Dig deeper: How generative AI is revolutionizing PPC

4. Tracking

This used to be a much more straightforward practice that most of us buried our heads in the sand over and relied on web developers to carry the burden. We still rely on that technical support, particularly with some of the more advanced conversion features.

However, with accounts more reliant than ever on accurate conversion data and the ever-growing list of tracking features, advertisers must be more knowledgeable and proactive.

2023 was a big year with GA4 migration and a greater reliance on Enhanced conversions. That can now be said for consent mode V2, along with offline conversion tracking and (a personal favorite of mine) profit tracking.

Although there is plenty of information and conversion tracking courses, many advertisers still aren’t comfortable in this space and many agencies don’t provide tracking implementation as a direct service, even with help from the Google implementation team.

But with cookie deprecation upon us, these features are now necessary rather than nice-to-haves. Those who are upskilling and providing technical support and guidance will be in the minority, and when ecommerce is struggling, many cannot avoid being ignorant of their clients’ needs.

Even with that support, many clients and businesses have shifted their internal objectives in the last year or so away from revenue generating or a ROAS model more toward profit generation, which is fair given that the cost of delivery, manufacturing, etc., has eaten into margins. Again, advertisers tend to stick their heads in the sand on this. Tell us a ROAS target or a revenue target and we will work toward that! Profit is your problem.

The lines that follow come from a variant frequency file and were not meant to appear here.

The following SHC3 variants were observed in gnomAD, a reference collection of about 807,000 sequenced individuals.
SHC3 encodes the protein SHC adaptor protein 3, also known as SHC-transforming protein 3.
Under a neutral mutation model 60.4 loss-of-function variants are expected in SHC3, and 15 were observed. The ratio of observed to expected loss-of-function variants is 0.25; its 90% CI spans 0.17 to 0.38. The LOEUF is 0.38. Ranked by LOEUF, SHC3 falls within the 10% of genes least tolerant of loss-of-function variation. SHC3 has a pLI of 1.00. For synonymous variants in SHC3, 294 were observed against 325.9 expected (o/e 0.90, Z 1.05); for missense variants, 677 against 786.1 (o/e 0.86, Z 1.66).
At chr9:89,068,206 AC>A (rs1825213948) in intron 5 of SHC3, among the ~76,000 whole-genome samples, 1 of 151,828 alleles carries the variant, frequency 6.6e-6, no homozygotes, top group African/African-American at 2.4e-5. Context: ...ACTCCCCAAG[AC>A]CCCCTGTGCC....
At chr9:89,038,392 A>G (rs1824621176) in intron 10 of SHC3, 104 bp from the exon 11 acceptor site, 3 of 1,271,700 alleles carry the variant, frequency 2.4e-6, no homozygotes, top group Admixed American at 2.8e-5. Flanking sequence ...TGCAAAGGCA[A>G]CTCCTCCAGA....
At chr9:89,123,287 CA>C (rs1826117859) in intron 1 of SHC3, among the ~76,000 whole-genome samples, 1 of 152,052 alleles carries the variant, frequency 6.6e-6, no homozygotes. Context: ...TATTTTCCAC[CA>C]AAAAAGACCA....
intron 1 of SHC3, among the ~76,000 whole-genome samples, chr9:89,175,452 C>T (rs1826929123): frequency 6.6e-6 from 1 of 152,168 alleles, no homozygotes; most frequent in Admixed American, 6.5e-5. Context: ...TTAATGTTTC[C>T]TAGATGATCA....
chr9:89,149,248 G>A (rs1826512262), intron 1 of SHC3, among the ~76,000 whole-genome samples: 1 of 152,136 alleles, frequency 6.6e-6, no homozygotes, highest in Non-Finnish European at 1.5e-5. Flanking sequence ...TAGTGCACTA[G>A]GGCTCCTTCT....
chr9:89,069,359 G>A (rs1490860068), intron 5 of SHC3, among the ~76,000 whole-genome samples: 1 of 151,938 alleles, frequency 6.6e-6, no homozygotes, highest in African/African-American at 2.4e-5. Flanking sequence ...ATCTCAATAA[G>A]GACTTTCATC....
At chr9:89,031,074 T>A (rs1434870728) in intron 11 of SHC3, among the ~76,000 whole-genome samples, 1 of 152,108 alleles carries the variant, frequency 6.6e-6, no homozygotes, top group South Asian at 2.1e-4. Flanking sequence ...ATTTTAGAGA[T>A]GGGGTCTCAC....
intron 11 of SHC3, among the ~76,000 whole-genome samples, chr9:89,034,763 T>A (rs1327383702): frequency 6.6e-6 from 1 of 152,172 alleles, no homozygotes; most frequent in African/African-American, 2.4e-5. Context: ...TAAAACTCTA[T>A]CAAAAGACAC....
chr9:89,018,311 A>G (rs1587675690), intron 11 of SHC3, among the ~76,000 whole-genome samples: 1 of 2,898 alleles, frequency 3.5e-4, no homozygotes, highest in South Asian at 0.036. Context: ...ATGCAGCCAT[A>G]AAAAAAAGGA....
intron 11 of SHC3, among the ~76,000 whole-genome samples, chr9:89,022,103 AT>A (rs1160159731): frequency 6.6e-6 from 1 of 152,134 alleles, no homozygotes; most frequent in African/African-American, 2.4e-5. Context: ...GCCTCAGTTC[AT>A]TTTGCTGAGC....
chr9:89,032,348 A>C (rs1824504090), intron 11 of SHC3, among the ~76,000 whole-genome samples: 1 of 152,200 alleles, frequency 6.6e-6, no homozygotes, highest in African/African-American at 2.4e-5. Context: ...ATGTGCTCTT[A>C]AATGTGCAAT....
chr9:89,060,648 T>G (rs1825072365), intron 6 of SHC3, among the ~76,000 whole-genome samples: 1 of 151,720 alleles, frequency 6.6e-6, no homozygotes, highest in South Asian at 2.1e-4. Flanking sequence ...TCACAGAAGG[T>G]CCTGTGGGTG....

This is where an opportunity lies, with more than 90% of ecommerce accounts optimizing toward revenue or ROAS, when neither are the priority objective of a lot of those businesses.

Some third-party tools (such as Profit Metrics) allow you to create conversion tags that report on profit only per transaction. You can then optimize toward profit on ad spend at the campaign level. This is a potential game changer for many accounts and I can only see the use of this type of tracking software growing.

5. Reporting

I’ve already touched on how we continue to struggle with the black box of Performance. Google has improved some of its insight reporting in the past year, while Mike Rhodes’ excellent Performance Max script continues to evolve and help us all. Still, with AI features being introduced, the fear is Google will continue to hide some reporting under the carpet so there won’t be a backlash.

Even with account-level conversions, how accurate will this data be with consent mode coverage increasing and remodeling in place? And what will the impact be on GA4 with less audience coverage here with users opting out of cookie tracking?

I’ve had to rely more on platform reporting in the past eight months than ever before because some of the GA4 underreporting is too low. Shopify and Magento reporting stack isn’t as strong as GA4 overall, so workarounds have to be put in place to choose the most relevant data between each. This can be difficult for some clients who are just used to certain reports on Universal Analytics but who have had to adjust their internal reporting.

Although there is still a struggle with plenty of advertisers to adapt to GA4, there are some new reporting features that add value. We might not be able to do a like-for-like switch, but continuing to learn GA4 custom reports and covering old UA reports with alternative GA4 features is the best way to adapt.

As Google intended, with the advanced reports on Google Merchant Center, we make up for what we lose from a tactical perspective within Google Ads platform reporting in new, strategic-focused reporting within GMC.

So there are fewer conversations about what search terms have come through a specific campaign, but instead, where our product’s prices are positioned in relation to the market or what product catalog opportunities there are to lean into based on the bestseller shopping reports. Conversations that the majority of retailers would prefer to have, as they are the bigger questions that help them scale.

Tackling PPC marketing challenges

Clients will look at their agency and freelancers to guide them through this advertising period and economic uncertainty. With chaos comes opportunity, and those who embrace the changes and adapt will come out on top and grab the initiative.